In which Tzenos literally hits the high note, ‘Highnote’ finally provides some (albeit indecent) composure with its melancholy-falsetto-meets-Odonis-Odonis-industrialism. While the band embodies spaciness in at least one definition of the word throughout the album, ‘Highnote’ sees Odonis begin to float away from their grounded impenetrable soundscape on the broodless wings of sub-orbital spaceflight. The subsequent ‘Transmissions From The Moon’ serves as little more than the supposed sounds of space travel, an interlude imaginably aborted from Lefse’s recent cosmic mission. Seeping into ‘Alexa Wait,’ Boiled closes with leftover space residue, and eventually dives into an intergalactic beat that builds up to a now-familiar reverbial ecstasy. No matter how you like yo eggs, Hard Boiled Soft Boiled is teeming with protein. Odonis Odonis has an uncanny ability to churn out exceptional iterations of both industrial noise and shoegaze poise, Boiled proving them to be the undisputed masters of both crafts. With the noise rock band’s fluency in dreaminess, we may be witnessing the start of a new industrial revolution…9.6/10

Order in the Court

All Forces: Sons and Daughters EP

sons and daughters
All Forces: Sons & Daughters - There’s something so infectiously captivating about young and eager bands. They’re exciting, wide-eyed, and they wear their influences on their sleeves. For Brooklyn quartet All Forces, they don’t shy away from influences one bit. Instead, they’ve melted them together to create something inspired and original for their debut EP Sons & Daughters.

The lead off single, ‘We Have Arrived’ kicks off the 5 song EP with a jam-packed, reverby rocker that so perfectly harnesses everything great about this band. One minute the song is skipping along like a typical indie rock song that you cant help but clap along to, and the next it takes a turn into much darker territory with looming background vocals and dissonant guitar riffs. Even though it does feel a little unfocused on the first couple of listens, it’s so gratifyingly ambitious and raw that it has no choice but to get stuck in your head.

‘Buildings’ shows All Forces toying a little more with different time signatures for this mid tempo groove that feels like it came straight out of the 90′s/early 2000′s indie textbook. The third track, ‘Ornithologist,’ is a moody ballad that allows All Forces to really live in that protruding darkness that pops up every now and again on this album. The dueling vocals at the end are also particularly heartbreaking and rewarding to listen to.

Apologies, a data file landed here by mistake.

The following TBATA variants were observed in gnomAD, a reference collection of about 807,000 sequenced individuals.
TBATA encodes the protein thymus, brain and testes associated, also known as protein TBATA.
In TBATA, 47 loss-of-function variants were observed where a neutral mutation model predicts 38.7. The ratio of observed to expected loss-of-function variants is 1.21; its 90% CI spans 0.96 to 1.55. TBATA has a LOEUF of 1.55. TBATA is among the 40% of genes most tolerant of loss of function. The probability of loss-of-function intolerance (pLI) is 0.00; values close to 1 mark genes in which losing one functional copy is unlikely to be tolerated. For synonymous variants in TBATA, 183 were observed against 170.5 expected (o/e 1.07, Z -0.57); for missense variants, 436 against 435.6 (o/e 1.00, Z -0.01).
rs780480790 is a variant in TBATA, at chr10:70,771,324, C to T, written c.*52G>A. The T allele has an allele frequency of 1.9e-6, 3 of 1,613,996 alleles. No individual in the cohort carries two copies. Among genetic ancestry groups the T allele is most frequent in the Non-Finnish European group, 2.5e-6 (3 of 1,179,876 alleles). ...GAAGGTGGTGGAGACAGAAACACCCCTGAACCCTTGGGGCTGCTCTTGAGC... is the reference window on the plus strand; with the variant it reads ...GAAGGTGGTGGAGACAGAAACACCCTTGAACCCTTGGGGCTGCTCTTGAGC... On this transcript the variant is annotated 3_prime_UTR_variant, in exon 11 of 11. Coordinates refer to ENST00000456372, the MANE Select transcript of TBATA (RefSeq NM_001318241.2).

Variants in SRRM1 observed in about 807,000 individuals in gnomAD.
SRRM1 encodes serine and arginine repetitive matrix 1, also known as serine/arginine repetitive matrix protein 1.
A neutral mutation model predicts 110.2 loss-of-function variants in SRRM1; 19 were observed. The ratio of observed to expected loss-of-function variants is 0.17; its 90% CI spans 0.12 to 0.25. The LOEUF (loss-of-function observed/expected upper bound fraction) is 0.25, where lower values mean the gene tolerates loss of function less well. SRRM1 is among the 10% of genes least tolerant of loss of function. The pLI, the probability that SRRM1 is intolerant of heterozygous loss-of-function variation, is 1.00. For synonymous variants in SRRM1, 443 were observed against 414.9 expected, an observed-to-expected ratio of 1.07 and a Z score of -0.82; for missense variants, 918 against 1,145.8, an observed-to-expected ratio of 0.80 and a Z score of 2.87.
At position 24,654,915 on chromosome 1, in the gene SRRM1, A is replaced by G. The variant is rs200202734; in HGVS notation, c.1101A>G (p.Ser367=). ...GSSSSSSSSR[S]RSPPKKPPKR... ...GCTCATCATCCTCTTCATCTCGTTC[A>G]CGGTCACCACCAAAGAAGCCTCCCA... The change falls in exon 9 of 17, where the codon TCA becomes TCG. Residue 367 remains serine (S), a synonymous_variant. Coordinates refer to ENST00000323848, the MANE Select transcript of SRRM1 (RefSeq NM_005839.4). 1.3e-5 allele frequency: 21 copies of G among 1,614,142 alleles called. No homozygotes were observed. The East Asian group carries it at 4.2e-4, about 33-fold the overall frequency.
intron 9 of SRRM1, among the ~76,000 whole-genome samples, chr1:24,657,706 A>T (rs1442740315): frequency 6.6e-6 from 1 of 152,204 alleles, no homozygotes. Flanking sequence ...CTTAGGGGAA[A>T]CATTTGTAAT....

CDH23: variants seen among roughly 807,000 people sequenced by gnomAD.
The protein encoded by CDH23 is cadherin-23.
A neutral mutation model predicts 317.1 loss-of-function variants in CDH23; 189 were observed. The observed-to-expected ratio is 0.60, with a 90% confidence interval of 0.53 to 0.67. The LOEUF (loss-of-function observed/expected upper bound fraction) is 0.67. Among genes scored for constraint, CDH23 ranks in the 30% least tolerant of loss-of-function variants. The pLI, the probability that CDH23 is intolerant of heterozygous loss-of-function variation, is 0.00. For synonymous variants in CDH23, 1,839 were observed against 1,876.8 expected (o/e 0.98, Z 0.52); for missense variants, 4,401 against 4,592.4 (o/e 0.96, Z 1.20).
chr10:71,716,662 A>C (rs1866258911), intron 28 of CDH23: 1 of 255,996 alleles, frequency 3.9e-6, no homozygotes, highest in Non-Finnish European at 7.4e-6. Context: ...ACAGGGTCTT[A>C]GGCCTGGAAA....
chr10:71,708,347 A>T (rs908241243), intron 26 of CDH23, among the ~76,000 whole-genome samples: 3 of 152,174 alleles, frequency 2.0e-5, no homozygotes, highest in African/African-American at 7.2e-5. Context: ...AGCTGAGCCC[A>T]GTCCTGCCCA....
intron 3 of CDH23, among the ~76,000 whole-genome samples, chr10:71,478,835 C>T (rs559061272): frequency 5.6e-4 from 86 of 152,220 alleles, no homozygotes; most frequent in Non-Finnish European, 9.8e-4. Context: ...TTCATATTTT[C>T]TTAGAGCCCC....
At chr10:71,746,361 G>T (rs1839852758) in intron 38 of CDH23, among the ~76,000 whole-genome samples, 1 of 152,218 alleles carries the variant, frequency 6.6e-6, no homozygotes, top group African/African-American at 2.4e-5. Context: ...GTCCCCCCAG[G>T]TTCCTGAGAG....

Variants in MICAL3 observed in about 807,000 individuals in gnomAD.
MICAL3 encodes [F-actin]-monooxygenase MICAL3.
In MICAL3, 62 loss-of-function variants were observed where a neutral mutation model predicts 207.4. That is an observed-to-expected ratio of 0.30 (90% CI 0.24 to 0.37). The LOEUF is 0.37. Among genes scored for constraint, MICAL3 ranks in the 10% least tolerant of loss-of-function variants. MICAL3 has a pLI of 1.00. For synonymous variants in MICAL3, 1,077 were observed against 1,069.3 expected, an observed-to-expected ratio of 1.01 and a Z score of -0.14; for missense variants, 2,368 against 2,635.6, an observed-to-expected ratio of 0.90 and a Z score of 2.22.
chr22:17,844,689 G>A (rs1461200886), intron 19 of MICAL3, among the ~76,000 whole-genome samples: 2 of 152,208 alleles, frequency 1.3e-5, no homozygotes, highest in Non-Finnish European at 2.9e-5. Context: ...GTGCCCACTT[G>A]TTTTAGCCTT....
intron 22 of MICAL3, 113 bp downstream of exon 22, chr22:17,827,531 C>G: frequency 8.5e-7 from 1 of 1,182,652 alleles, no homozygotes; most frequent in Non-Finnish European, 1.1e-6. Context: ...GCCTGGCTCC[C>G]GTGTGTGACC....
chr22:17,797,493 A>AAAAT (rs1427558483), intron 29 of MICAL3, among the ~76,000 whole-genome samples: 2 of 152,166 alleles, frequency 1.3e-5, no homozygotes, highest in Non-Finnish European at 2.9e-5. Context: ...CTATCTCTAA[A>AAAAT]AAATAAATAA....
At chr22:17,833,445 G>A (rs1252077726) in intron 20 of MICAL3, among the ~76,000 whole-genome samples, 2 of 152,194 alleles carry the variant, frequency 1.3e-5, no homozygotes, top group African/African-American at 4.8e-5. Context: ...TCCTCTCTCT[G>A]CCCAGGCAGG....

About three songs in and we’ve heard everything from shoegaze, to post rock, to indie pop/rock, alternative rock and a few other genres.  Even though this record feels so inherently rock, there are some really interesting, reverby textures and song structures that make listening a little more diverse of an experience than your typical, straight-forward rock record. You never know when All Forces are gonna shift gears from dreamy indie pop song to edgy alt rock banger.

The multifaceted ‘Sword Swallower’ captures that unexpectedness perfectly.  As lead singer Johnnie Wang Morlock sings “Down these waters, I’m wet with their daughters…” there are a few surprising chords thrown into the progression that really keep you guessing. They even start getting a little more experimental just before the 3 minute mark. The contrast between verses/choruses prove that All Forces definitely know how to make a song go somewhere. They’re not content on just creating something that’s nice to listen to. They want to the listening to embark on the journey with them.

On the other hand, one of my favorite tracks on the EP ‘Blood’ is also one of the most straightforward. Vocals, again, are top notch and really show how dynamic the singers in the band are. They can deliver shouty intensity one minute and then turn around and slow things down with beautiful and quiet subtlety. The melody of ‘Blood’ is simple and singable, which is also a nice contrast to the more involved music that you find everywhere else on the record.

Sons & Daughters definitely sounds like a band’s first album. But, it also sounds like a band with its eye on the prize. Judging by their various influences, there are myriad directions for All Forces to go from here and they’d all work out brilliantly… 7.6/10